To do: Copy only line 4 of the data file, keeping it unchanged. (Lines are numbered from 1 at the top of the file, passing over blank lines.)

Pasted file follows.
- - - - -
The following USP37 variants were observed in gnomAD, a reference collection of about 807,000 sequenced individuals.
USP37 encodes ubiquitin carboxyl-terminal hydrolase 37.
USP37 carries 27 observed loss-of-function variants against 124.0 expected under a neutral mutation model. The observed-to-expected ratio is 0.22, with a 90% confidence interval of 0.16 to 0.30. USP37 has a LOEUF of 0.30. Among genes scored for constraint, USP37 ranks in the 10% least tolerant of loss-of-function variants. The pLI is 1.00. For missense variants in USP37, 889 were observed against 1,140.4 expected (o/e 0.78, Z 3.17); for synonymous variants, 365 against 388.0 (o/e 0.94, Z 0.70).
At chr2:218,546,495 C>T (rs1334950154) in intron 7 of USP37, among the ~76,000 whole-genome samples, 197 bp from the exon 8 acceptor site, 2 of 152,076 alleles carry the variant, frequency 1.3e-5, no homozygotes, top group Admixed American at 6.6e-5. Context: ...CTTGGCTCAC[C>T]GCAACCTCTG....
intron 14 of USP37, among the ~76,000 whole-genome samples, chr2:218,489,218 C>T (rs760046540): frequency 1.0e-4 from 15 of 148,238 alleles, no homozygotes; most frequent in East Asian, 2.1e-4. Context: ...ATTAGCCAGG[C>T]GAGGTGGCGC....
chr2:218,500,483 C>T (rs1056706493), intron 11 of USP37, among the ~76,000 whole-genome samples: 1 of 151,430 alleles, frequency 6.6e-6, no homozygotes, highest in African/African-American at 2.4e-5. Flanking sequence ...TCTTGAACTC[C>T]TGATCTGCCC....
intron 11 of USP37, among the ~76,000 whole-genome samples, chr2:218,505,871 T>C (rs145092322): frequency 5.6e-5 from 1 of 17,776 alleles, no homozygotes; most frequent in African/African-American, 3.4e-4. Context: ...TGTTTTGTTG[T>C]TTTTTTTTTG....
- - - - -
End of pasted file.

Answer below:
At chr2:218,546,495 C>T (rs1334950154) in intron 7 of USP37, among the ~76,000 whole-genome samples, 197 bp from the exon 8 acceptor site, 2 of 152,076 alleles carry the variant, frequency 1.3e-5, no homozygotes, top group Admixed American at 6.6e-5. Context: ...CTTGGCTCAC[C>T]GCAACCTCTG....